Actually, this version of the 12 year old was bottled before the three-dimensional silver plastic stag head was glued to bottles, before the ABV was lowered, before the price doubled. Yes, this was back when Dalmore 12 cost $25-$30. And it looked like this:
Rather than going through a list of Dalmore gripes, I'll give you some background to this particular sample.
Ownership: Whyte & Mackay (United Breweries Group)
Age: minimum 12 years
Maturation: ex-sherry casks (likely American oak), possibly some ex-bourbons too?
Region: Highlands (Northern)
Alcohol by Volume: 43%
Once upon a time, Florin (a prince) gave me one-third of his bottle of Dalmore 12 (bottled 2005). We had tried the stuff the evening before he gifted the large sample, but I didn't remember what it was like. He had found it to be noticeably peated. Before I started into my 8oz, I sent 2oz of it to My Annoying Opinions in a sample swap. Yes, you read that correctly: I swapped part of someone else's sample for a sample. Yup. Moving on...please see MAO's review here. Though he did not find any peat in the whisky, MAO had some nice stuff to say about it. There was further conversation about its peat levels in the post's comments.
Many months later, I finally tried the whisky and...... yyyyuck it was all rotten eggs with a hint of orange peels. I let it sit in a half full bottle for a week before trying it again. Things had changed.
The color is rosy gold. The first notes on the nose are hot hay and moss. The rotten egg element while still present has mostly vanished. LOTS of orange peel, though. There are smaller prune, beach, and sweat (yes, with an 'a') notes. Also some toffee and cherry lollipops. The mild palate gradually grows sweeter with time. The sherry stays subtle. Some orange candies, raisins, salt, and moss. A wormwoody bitterness and maybe some mold on the sherry casks. The sherry ramps up in the finish, as does the sweetness. Small notes of sea air, orange candies, and raisins. Not much else.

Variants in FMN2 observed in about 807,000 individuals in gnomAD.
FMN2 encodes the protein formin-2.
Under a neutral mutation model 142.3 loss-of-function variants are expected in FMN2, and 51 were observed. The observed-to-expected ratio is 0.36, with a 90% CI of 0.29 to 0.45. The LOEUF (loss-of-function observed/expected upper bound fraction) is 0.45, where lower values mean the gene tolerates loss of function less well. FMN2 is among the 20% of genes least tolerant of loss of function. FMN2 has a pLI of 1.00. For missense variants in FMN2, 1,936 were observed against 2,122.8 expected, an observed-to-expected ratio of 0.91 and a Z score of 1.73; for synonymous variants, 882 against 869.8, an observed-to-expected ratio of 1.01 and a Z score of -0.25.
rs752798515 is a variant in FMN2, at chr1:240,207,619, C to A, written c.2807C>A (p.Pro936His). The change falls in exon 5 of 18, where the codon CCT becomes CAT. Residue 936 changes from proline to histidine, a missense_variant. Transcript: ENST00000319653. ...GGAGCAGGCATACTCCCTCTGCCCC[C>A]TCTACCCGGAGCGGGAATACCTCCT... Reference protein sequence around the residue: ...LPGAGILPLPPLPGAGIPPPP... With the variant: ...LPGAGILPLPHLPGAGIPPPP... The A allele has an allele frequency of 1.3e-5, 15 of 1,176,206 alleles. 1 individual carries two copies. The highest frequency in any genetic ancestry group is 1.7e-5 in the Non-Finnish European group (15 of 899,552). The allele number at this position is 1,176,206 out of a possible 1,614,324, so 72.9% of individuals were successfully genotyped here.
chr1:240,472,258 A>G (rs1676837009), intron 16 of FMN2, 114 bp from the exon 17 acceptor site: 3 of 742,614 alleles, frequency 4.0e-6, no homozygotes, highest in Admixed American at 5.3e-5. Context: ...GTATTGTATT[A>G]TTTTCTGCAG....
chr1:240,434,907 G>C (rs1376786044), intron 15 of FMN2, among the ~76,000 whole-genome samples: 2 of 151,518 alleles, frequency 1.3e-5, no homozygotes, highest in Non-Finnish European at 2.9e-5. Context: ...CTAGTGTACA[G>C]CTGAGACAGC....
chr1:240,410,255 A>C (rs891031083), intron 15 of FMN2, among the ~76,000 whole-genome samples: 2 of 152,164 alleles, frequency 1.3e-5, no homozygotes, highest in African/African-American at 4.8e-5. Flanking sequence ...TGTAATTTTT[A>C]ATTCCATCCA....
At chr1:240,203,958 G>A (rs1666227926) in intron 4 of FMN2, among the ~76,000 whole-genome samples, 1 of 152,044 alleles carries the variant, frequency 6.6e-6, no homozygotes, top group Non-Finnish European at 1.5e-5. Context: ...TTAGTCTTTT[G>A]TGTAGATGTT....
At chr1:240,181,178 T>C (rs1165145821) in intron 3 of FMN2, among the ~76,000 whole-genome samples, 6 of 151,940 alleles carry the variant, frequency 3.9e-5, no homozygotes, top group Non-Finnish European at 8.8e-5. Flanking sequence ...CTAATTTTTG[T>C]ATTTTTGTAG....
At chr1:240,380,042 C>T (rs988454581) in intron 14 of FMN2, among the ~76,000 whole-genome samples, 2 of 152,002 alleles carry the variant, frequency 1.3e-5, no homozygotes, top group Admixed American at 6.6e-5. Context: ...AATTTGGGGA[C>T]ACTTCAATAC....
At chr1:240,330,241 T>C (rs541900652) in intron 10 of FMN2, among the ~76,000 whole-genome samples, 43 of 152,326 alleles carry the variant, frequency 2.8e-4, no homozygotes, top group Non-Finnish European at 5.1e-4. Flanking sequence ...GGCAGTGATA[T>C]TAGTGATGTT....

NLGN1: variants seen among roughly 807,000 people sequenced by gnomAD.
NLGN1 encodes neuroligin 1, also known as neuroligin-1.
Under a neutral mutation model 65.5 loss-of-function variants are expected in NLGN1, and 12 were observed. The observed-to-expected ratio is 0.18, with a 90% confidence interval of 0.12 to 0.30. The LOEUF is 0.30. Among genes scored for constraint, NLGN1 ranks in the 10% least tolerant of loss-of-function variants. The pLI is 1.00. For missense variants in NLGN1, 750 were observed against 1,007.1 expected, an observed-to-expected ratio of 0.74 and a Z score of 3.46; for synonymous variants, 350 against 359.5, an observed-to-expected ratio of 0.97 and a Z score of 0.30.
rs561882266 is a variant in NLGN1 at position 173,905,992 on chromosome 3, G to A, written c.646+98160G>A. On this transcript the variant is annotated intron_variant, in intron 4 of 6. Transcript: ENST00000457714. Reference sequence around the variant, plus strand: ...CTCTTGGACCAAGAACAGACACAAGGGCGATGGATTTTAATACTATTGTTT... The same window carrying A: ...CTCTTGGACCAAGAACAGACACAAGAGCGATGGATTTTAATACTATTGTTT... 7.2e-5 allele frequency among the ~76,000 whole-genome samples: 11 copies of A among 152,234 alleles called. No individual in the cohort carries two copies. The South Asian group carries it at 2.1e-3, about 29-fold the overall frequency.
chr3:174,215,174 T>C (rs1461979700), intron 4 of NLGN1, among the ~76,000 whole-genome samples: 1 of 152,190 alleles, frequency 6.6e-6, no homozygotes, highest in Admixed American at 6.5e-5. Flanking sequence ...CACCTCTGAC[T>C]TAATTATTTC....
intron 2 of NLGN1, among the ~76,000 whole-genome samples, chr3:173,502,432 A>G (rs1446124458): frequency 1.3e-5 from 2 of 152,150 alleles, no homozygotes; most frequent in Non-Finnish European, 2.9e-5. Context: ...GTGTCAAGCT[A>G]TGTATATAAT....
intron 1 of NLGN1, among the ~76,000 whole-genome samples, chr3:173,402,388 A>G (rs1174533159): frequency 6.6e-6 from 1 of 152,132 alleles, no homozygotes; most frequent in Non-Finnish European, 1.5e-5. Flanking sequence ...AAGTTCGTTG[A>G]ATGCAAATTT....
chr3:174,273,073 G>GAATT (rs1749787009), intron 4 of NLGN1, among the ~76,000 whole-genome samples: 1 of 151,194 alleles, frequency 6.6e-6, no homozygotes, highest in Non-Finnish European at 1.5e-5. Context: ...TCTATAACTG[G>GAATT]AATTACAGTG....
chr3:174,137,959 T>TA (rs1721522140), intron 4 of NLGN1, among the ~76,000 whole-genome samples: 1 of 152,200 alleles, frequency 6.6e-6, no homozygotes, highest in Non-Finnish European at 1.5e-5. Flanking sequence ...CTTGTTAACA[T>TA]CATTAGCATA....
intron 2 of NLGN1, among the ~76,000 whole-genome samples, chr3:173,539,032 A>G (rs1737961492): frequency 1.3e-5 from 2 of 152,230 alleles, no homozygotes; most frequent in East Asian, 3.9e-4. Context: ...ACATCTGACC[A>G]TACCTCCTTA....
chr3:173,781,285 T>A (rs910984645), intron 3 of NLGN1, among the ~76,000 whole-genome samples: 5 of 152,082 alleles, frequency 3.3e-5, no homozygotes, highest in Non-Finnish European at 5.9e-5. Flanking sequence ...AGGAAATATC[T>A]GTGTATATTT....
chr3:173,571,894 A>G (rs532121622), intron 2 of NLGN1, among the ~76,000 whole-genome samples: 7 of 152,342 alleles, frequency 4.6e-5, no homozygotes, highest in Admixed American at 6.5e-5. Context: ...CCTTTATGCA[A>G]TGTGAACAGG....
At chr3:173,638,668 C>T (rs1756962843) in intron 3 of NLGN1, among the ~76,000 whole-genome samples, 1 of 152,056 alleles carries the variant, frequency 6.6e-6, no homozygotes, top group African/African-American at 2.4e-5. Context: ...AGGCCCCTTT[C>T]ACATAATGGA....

WITH WATER (approx. 40%abv)
The farmy hay note remains in the nose, as does the orange peel. More moss. Buttery toffee and caramel. Seaweed and canned peaches. The palate gets bitterer, while the rest of the flavors flatten out into a blur, like a sherried blend. Maybe also some burnt white bread crusts, stone fruits, toasted grains. The finish has some sherry, tobacco, stale dried fruit, and grass.
It's definitely not boring, seeming to change with every sniff and sip, sometimes off-putting, sometimes fascinating, good and bad elements firing at the same time. Thank goodness that rotten egg thing slipped to the background.
Next, I left the final ounce in a 2oz sample bottle for ten more days to see what a little more oxidation would do...
The nose is much fruitier now with raisins, prunes, pears, and green apples. No eggs! But also, no orange peel. Hint of moss, soil, and wet sand. The palate remains mild. The nice bitterness is still there. More sherry. A little pepper in the throat. That pepper remains in the finish, along with the bitterness. Some salt, sherry, and celery(!).
The more it oxidized, the better it got. It basically went from an F to a C to a B-. I don't really recommend adding water to it as the whisky is already light. That rotten egg issue appears to be unique to my experience, so discount it (if you dare!). While I would not say this is peaty whisky (probably a 2 on Serge's 0-9 P scale), there were mossy notes repeating in the nose and palate.
As MAO concludes, this was a reasonable whisky at $25. Can't get much sherried malt (especially with an age statement) at that price. Plus as I mentioned above, it gets points for amusement value. I've seen a number of these older bottles on shelves in this neighborhood. But at $50. For half that price, I might bite.
Availability - Random corner liquor stores
Pricing - $25-$30 once upon a time, almost twice that price now
Rating - 80 (with oxidation)